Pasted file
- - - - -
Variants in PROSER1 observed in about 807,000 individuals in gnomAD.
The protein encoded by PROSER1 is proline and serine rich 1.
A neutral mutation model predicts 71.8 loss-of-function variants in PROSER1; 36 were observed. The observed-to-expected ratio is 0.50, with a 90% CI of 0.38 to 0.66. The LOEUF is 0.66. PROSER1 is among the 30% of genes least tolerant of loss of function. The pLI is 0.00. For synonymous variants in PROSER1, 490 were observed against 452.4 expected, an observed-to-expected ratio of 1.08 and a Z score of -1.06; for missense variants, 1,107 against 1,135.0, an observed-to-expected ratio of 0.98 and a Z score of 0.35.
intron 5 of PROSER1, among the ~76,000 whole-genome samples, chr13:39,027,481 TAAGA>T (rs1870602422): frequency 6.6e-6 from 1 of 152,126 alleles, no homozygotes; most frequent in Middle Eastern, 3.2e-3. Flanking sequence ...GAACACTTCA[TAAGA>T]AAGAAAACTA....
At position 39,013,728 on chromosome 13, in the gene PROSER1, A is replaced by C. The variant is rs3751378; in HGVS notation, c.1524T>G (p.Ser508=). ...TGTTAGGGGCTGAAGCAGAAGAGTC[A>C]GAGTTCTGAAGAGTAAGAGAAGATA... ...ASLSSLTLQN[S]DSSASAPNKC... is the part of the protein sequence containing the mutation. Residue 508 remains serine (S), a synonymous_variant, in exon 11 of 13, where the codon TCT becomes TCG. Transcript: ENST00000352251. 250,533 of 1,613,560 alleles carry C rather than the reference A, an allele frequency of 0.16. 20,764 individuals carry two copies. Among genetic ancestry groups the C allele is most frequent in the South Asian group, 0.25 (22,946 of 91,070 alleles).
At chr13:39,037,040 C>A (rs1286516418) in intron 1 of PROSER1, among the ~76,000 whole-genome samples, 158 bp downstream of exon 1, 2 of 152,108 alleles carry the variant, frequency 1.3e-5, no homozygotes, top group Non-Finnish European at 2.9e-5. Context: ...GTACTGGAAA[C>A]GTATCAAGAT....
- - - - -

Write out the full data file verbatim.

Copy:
Variants in PROSER1 observed in about 807,000 individuals in gnomAD.
The protein encoded by PROSER1 is proline and serine rich 1.
A neutral mutation model predicts 71.8 loss-of-function variants in PROSER1; 36 were observed. The observed-to-expected ratio is 0.50, with a 90% CI of 0.38 to 0.66. The LOEUF is 0.66. PROSER1 is among the 30% of genes least tolerant of loss of function. The pLI is 0.00. For synonymous variants in PROSER1, 490 were observed against 452.4 expected, an observed-to-expected ratio of 1.08 and a Z score of -1.06; for missense variants, 1,107 against 1,135.0, an observed-to-expected ratio of 0.98 and a Z score of 0.35.
intron 5 of PROSER1, among the ~76,000 whole-genome samples, chr13:39,027,481 TAAGA>T (rs1870602422): frequency 6.6e-6 from 1 of 152,126 alleles, no homozygotes; most frequent in Middle Eastern, 3.2e-3. Flanking sequence ...GAACACTTCA[TAAGA>T]AAGAAAACTA....
At position 39,013,728 on chromosome 13, in the gene PROSER1, A is replaced by C. The variant is rs3751378; in HGVS notation, c.1524T>G (p.Ser508=). ...TGTTAGGGGCTGAAGCAGAAGAGTC[A>C]GAGTTCTGAAGAGTAAGAGAAGATA... ...ASLSSLTLQN[S]DSSASAPNKC... is the part of the protein sequence containing the mutation. Residue 508 remains serine (S), a synonymous_variant, in exon 11 of 13, where the codon TCT becomes TCG. Transcript: ENST00000352251. 250,533 of 1,613,560 alleles carry C rather than the reference A, an allele frequency of 0.16. 20,764 individuals carry two copies. Among genetic ancestry groups the C allele is most frequent in the South Asian group, 0.25 (22,946 of 91,070 alleles).
At chr13:39,037,040 C>A (rs1286516418) in intron 1 of PROSER1, among the ~76,000 whole-genome samples, 158 bp downstream of exon 1, 2 of 152,108 alleles carry the variant, frequency 1.3e-5, no homozygotes, top group Non-Finnish European at 2.9e-5. Context: ...GTACTGGAAA[C>A]GTATCAAGAT....